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Space Travel

  1. Jul 3, 2006 #1
    This is my first posting so please feel free to move the topic to the appropriate section in case I posted it in the wrong section.

    With yet another problem announced with the space shuttle this morning I wonder if someone could explain why we almost 40 years after the supposed moon landing are hardly capable of smooth space flights?

    Do I have to believe that we were so much smarter in '69? And why is it that we have not gone to the moon for decades?

  2. jcsd
  3. Jul 3, 2006 #2


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    The Shuttle is very different, it is a vehicle made for "repeated" space flights, which is one of the problems.

    Why do you think we should spend the money to keep going back to the moon? Do you know something the rest of us don't? There is no point in returning at this time. We went there to make a statement, it was a milestone, not to mention the information we hoped to gain, such as the origins of the moon.
  4. Jul 3, 2006 #3
    I do not think that at al :)
    But, for logic's sake, spending money to "make a statement" as you call it is good allocation of money?
    And how did you determine that "there is no point", or is this simply "parrot's wisdom"?
    By the way, the Chinese seem to differ. :)
  5. Jul 3, 2006 #4


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    You have to remember the political climate at the time. We were in a "race for space" with the Russians. The money allocated for the space program is definitely a good allocation of money.

    We have nothing to gain by immediately going back to the moon. There are long term plans regarding the moon, but to go back now just to appease conspiracy theorists would indeed be a waste of money.
    Last edited: Jul 3, 2006
  6. Jul 3, 2006 #5
    From what I've gathered from the Columbia AIB report, NASA has been overstating the reliability of the shuttle for decades; by usual engineering standards it's still a "developmental" craft in its "test flight" stages, but administrators hyped it up as being "operational" to inflate its value to Congress and avoid losing funding. According to the AIB there has always been tension between engineers and managment at NASA, because of the latter's unrealistic demands on the shuttle. Perhaps one of our engineers would comment on how solid this assessment is?

    Columbia Accident Investigation Board report:
    http://caib.nasa.gov/news/report/volume1/default.html [Broken]
    Last edited by a moderator: May 2, 2017
  7. Jul 3, 2006 #6


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    Well, China wants to make a statement - that they are capable of the technology required to travel to the Moon. Like the US in 1969 - 1972, it is a matter of prestige. The Chinese can afford it, the US cannot.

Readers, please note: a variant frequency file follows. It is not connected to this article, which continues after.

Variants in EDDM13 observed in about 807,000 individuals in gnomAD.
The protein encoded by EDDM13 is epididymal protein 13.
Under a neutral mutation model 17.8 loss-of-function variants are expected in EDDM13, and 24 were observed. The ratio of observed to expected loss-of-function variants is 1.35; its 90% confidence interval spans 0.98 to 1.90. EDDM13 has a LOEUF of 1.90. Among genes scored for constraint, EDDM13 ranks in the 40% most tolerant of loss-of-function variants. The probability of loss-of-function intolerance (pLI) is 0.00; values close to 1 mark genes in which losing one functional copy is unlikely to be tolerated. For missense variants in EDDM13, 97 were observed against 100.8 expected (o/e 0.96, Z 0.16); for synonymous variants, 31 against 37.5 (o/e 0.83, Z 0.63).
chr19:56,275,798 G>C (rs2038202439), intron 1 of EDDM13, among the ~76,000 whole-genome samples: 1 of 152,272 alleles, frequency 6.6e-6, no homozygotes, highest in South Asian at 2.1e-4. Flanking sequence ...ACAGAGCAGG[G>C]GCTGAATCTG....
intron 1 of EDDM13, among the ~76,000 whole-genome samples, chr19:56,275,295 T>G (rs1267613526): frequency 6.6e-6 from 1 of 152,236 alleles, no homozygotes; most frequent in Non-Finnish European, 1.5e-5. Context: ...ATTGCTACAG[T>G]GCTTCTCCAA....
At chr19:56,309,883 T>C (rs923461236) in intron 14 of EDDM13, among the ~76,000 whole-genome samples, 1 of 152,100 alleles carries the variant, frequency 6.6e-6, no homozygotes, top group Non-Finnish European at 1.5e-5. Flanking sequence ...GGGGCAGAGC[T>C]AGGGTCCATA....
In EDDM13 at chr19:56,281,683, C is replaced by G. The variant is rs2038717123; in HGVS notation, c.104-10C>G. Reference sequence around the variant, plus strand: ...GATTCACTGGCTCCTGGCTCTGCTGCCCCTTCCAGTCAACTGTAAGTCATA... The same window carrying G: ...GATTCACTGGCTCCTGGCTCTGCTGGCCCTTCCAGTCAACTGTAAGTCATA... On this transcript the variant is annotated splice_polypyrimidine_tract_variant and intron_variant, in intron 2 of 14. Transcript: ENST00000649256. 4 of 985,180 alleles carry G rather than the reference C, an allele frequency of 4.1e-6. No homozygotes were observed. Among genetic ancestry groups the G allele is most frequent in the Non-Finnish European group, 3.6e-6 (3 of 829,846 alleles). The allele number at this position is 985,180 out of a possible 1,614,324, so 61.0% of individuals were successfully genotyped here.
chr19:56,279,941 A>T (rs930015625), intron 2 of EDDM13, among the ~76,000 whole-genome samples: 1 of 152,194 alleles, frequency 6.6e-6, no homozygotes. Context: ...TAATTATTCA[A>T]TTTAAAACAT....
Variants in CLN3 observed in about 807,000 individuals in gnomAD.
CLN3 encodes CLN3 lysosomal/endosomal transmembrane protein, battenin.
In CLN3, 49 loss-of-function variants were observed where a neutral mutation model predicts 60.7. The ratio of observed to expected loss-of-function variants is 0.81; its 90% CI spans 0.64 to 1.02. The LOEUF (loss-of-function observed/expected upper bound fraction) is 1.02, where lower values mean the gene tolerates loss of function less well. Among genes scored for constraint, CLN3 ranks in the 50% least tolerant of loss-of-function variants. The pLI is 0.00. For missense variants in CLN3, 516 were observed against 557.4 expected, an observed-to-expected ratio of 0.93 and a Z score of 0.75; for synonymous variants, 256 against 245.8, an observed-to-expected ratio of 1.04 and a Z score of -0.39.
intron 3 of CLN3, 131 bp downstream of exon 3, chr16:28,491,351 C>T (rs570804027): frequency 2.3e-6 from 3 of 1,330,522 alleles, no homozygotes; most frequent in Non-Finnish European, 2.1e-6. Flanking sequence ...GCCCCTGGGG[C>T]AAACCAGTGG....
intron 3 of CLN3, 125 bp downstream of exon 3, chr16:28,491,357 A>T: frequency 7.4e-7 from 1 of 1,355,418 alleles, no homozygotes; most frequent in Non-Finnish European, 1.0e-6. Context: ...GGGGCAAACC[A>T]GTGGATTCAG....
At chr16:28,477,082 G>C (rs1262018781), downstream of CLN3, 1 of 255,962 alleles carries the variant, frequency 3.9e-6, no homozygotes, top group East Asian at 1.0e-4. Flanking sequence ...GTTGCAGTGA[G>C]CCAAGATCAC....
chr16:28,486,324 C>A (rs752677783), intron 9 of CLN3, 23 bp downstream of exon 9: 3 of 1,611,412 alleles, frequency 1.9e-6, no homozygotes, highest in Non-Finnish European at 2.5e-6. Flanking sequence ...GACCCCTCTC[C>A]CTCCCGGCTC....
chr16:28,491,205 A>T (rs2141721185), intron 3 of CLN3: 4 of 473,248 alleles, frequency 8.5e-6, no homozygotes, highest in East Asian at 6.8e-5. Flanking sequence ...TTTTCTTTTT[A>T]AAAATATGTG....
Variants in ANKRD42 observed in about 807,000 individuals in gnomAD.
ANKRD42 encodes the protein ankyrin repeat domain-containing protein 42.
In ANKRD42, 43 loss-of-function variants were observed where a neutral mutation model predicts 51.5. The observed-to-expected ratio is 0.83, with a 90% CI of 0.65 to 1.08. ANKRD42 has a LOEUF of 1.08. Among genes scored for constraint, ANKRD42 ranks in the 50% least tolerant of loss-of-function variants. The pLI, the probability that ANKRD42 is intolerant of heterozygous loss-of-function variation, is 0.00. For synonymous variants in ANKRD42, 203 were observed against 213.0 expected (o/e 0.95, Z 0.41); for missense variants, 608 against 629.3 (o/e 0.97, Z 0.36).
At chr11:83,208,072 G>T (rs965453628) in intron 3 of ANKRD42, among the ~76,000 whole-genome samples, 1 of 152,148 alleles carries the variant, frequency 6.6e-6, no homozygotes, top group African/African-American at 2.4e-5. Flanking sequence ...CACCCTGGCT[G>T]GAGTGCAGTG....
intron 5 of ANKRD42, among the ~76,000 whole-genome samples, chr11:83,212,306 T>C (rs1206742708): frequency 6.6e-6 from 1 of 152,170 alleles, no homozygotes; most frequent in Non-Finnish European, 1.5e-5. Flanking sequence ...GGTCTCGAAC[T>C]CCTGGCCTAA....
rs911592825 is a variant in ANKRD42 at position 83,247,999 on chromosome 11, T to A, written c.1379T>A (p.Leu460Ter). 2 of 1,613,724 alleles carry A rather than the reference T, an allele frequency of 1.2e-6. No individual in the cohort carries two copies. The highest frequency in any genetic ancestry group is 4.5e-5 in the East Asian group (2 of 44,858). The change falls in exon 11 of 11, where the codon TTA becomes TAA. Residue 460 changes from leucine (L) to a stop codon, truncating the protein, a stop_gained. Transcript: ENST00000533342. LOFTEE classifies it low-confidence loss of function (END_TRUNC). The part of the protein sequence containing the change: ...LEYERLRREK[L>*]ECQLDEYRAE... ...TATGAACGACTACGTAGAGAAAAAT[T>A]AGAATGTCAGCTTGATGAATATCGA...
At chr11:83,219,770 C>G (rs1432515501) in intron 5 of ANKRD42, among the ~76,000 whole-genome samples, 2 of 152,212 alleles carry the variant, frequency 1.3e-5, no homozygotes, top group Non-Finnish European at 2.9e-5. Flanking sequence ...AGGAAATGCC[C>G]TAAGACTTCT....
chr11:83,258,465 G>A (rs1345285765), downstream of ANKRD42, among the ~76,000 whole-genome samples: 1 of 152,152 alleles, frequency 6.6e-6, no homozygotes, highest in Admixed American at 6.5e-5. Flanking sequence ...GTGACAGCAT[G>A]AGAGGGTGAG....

There has always been tension between engineers (those who actually develop and understand science and technology) and management (actually non-technical managers who don't understand or know the technology) :grumpy:, and it is not just NASA - it's basically any industry. The problem is often unrealistic expectations of those who don't know the technology.
    Last edited: Jul 3, 2006
  8. Jul 3, 2006 #7
    Perhaps your view of the future of spaceflight would be more reasonable, if you could get the history correct. :devil:

    In the economically and scientifically important aspects of space exploration, we're actually doing extremely well! We've launched robotic probes to eight other planets (and beyond); we have a regular system for reliably launching earth satellites at reasonable prices (awesome benefits to everything from meteorology and communications, to espionage and gravity-wave detection); we even have a giant space telescope in LEO. There's very little need for sending humans into orbit to do repairs, where robots can do almost as well. There's less need yet for sending them to the moon, or some other planet. The fact that it's currently unfeasible to do so is a very small loss to humanity. :cool:
  9. Jul 3, 2006 #8


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    We've done pretty well with one way trips. :biggrin:

    It's the round-trips that have been problematic.

    As Evo mentioned, the Shuttle was designed for reuse - which was supposed to be more economical. Well it isn't. It makes about as much sense economically (and still probably less) as someone driving to work in a bus - alone.

    The Shuttle design is the result of compromise. Originally the DOD (USAF) was going to participate, but the pulled out.

    The SRB's were problematic, and so is the ET now.